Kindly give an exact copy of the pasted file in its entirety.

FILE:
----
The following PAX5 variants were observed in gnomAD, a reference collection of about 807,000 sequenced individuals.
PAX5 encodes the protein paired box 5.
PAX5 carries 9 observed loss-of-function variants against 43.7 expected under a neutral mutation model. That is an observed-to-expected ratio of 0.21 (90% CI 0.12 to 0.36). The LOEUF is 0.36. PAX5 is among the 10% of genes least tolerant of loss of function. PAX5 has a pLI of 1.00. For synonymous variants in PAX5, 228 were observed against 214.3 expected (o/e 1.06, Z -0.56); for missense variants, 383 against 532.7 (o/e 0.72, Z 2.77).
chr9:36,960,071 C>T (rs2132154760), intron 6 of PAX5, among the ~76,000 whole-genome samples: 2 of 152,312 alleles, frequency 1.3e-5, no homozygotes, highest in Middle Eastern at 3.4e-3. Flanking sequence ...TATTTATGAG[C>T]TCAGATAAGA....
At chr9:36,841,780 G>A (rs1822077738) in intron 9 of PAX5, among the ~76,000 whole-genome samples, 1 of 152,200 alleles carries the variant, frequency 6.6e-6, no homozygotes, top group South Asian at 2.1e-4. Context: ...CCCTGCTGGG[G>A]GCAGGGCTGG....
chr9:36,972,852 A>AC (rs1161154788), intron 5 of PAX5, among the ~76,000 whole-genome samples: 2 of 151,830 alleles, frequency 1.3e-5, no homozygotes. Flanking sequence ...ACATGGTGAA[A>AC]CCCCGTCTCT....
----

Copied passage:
The following PAX5 variants were observed in gnomAD, a reference collection of about 807,000 sequenced individuals.
PAX5 encodes the protein paired box 5.
PAX5 carries 9 observed loss-of-function variants against 43.7 expected under a neutral mutation model. That is an observed-to-expected ratio of 0.21 (90% CI 0.12 to 0.36). The LOEUF is 0.36. PAX5 is among the 10% of genes least tolerant of loss of function. PAX5 has a pLI of 1.00. For synonymous variants in PAX5, 228 were observed against 214.3 expected (o/e 1.06, Z -0.56); for missense variants, 383 against 532.7 (o/e 0.72, Z 2.77).
chr9:36,960,071 C>T (rs2132154760), intron 6 of PAX5, among the ~76,000 whole-genome samples: 2 of 152,312 alleles, frequency 1.3e-5, no homozygotes, highest in Middle Eastern at 3.4e-3. Flanking sequence ...TATTTATGAG[C>T]TCAGATAAGA....
At chr9:36,841,780 G>A (rs1822077738) in intron 9 of PAX5, among the ~76,000 whole-genome samples, 1 of 152,200 alleles carries the variant, frequency 6.6e-6, no homozygotes, top group South Asian at 2.1e-4. Context: ...CCCTGCTGGG[G>A]GCAGGGCTGG....
chr9:36,972,852 A>AC (rs1161154788), intron 5 of PAX5, among the ~76,000 whole-genome samples: 2 of 151,830 alleles, frequency 1.3e-5, no homozygotes. Flanking sequence ...ACATGGTGAA[A>AC]CCCCGTCTCT....